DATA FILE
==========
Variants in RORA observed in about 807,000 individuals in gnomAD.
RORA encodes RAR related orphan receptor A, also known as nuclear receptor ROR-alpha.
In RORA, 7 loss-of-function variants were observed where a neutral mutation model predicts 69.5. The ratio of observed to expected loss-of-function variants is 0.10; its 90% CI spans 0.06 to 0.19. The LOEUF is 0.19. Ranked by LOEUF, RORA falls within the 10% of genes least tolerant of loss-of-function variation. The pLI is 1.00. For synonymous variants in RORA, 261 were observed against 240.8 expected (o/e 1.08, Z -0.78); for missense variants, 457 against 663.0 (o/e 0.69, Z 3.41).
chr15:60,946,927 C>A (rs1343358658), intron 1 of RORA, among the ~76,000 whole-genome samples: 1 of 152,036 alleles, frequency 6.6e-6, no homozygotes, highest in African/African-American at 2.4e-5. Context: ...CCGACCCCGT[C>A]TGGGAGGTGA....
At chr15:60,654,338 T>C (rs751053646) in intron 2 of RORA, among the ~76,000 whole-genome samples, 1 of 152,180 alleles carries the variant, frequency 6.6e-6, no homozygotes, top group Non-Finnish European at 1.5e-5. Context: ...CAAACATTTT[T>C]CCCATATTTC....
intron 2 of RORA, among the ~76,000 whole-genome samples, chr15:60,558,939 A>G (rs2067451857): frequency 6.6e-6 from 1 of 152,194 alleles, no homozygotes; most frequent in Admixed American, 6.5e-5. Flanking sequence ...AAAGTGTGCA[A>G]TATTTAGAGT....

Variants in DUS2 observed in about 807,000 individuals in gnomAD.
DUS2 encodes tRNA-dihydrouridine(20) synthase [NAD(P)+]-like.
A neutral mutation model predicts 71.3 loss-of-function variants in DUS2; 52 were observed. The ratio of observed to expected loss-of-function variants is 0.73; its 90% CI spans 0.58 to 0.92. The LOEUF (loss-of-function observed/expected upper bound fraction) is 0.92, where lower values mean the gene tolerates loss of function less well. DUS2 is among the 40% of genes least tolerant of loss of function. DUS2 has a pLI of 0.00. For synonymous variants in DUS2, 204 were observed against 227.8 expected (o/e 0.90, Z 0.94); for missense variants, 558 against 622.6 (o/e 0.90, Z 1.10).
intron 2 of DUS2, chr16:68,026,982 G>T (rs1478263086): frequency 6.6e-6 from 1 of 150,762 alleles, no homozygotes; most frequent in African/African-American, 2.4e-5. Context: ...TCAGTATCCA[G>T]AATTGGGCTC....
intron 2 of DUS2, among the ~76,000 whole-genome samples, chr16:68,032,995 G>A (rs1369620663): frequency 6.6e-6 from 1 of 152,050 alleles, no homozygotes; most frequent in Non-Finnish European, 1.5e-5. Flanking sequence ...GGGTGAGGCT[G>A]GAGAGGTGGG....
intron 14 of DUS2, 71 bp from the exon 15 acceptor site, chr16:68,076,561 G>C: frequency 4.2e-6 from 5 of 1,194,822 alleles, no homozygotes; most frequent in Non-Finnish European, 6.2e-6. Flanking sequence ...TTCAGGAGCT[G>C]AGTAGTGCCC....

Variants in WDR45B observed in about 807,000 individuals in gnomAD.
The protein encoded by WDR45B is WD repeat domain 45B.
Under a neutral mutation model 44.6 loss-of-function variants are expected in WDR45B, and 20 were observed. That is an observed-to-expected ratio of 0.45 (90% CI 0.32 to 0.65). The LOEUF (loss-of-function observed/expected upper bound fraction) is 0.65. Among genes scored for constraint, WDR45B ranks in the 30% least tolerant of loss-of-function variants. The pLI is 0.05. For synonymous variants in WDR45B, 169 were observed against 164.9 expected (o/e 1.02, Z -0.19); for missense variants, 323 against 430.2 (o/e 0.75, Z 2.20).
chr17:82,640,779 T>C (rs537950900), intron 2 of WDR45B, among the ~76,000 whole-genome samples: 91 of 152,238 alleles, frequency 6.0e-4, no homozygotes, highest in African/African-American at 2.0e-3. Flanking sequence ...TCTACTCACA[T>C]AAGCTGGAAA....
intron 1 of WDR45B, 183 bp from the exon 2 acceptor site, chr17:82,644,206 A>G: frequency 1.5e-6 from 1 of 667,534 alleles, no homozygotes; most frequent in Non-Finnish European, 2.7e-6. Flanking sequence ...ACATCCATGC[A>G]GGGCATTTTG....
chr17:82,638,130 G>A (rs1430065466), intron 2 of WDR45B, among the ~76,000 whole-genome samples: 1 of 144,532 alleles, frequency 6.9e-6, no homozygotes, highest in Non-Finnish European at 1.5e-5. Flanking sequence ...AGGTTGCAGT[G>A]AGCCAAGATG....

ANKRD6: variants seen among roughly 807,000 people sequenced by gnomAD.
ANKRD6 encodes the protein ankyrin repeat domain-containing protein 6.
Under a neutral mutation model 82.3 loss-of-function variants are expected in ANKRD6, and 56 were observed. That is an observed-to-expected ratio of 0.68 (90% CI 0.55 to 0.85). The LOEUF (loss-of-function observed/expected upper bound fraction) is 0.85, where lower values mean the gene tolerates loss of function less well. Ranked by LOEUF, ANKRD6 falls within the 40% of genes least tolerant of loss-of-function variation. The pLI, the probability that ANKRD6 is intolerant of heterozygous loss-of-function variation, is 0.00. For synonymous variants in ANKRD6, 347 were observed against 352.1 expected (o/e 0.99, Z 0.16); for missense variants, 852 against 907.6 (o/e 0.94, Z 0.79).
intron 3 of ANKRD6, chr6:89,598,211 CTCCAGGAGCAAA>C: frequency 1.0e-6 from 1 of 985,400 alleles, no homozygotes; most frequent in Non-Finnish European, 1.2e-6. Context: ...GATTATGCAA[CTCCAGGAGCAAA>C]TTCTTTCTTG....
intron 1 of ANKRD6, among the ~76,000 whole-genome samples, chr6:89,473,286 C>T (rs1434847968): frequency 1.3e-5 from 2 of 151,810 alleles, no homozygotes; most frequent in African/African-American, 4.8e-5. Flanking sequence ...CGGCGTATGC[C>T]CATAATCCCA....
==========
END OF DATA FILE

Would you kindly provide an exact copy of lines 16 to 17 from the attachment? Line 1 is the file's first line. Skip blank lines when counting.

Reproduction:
chr17:82,640,779 T>C (rs537950900), intron 2 of WDR45B, among the ~76,000 whole-genome samples: 91 of 152,238 alleles, frequency 6.0e-4, no homozygotes, highest in African/African-American at 2.0e-3. Flanking sequence ...TCTACTCACA[T>C]AAGCTGGAAA....
intron 1 of WDR45B, 183 bp from the exon 2 acceptor site, chr17:82,644,206 A>G: frequency 1.5e-6 from 1 of 667,534 alleles, no homozygotes; most frequent in Non-Finnish European, 2.7e-6. Flanking sequence ...ACATCCATGC[A>G]GGGCATTTTG....